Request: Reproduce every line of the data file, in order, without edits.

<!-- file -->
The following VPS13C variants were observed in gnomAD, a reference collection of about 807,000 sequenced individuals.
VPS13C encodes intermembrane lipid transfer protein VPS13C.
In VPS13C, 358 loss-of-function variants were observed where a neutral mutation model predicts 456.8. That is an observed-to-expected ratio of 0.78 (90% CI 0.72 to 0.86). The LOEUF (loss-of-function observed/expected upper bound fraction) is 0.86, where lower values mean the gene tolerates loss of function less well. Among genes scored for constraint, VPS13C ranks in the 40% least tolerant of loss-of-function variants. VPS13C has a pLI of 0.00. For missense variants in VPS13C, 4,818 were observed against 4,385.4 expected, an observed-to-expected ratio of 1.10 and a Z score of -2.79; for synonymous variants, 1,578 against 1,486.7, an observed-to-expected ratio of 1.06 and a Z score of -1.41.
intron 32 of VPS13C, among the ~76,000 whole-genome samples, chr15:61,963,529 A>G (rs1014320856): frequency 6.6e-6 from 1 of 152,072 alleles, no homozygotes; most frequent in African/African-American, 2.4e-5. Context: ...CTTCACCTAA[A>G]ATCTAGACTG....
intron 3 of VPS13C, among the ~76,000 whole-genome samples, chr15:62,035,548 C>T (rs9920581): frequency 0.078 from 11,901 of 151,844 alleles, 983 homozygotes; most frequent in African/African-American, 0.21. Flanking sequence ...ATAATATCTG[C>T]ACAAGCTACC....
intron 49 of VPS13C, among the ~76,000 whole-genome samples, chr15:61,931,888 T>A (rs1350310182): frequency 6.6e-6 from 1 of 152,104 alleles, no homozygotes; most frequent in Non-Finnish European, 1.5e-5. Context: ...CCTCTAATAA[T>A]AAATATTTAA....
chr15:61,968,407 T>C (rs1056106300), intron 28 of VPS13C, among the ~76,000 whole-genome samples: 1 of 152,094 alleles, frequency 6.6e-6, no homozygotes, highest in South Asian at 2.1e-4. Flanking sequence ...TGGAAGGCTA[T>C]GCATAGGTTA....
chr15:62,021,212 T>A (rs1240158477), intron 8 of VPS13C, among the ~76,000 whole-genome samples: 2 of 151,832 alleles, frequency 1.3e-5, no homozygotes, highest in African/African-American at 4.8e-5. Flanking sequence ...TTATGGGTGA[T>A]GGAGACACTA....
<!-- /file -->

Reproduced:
The following VPS13C variants were observed in gnomAD, a reference collection of about 807,000 sequenced individuals.
VPS13C encodes intermembrane lipid transfer protein VPS13C.
In VPS13C, 358 loss-of-function variants were observed where a neutral mutation model predicts 456.8. That is an observed-to-expected ratio of 0.78 (90% CI 0.72 to 0.86). The LOEUF (loss-of-function observed/expected upper bound fraction) is 0.86, where lower values mean the gene tolerates loss of function less well. Among genes scored for constraint, VPS13C ranks in the 40% least tolerant of loss-of-function variants. VPS13C has a pLI of 0.00. For missense variants in VPS13C, 4,818 were observed against 4,385.4 expected, an observed-to-expected ratio of 1.10 and a Z score of -2.79; for synonymous variants, 1,578 against 1,486.7, an observed-to-expected ratio of 1.06 and a Z score of -1.41.
intron 32 of VPS13C, among the ~76,000 whole-genome samples, chr15:61,963,529 A>G (rs1014320856): frequency 6.6e-6 from 1 of 152,072 alleles, no homozygotes; most frequent in African/African-American, 2.4e-5. Context: ...CTTCACCTAA[A>G]ATCTAGACTG....
intron 3 of VPS13C, among the ~76,000 whole-genome samples, chr15:62,035,548 C>T (rs9920581): frequency 0.078 from 11,901 of 151,844 alleles, 983 homozygotes; most frequent in African/African-American, 0.21. Flanking sequence ...ATAATATCTG[C>T]ACAAGCTACC....
intron 49 of VPS13C, among the ~76,000 whole-genome samples, chr15:61,931,888 T>A (rs1350310182): frequency 6.6e-6 from 1 of 152,104 alleles, no homozygotes; most frequent in Non-Finnish European, 1.5e-5. Context: ...CCTCTAATAA[T>A]AAATATTTAA....
chr15:61,968,407 T>C (rs1056106300), intron 28 of VPS13C, among the ~76,000 whole-genome samples: 1 of 152,094 alleles, frequency 6.6e-6, no homozygotes, highest in South Asian at 2.1e-4. Flanking sequence ...TGGAAGGCTA[T>C]GCATAGGTTA....
chr15:62,021,212 T>A (rs1240158477), intron 8 of VPS13C, among the ~76,000 whole-genome samples: 2 of 151,832 alleles, frequency 1.3e-5, no homozygotes, highest in African/African-American at 4.8e-5. Flanking sequence ...TTATGGGTGA[T>A]GGAGACACTA....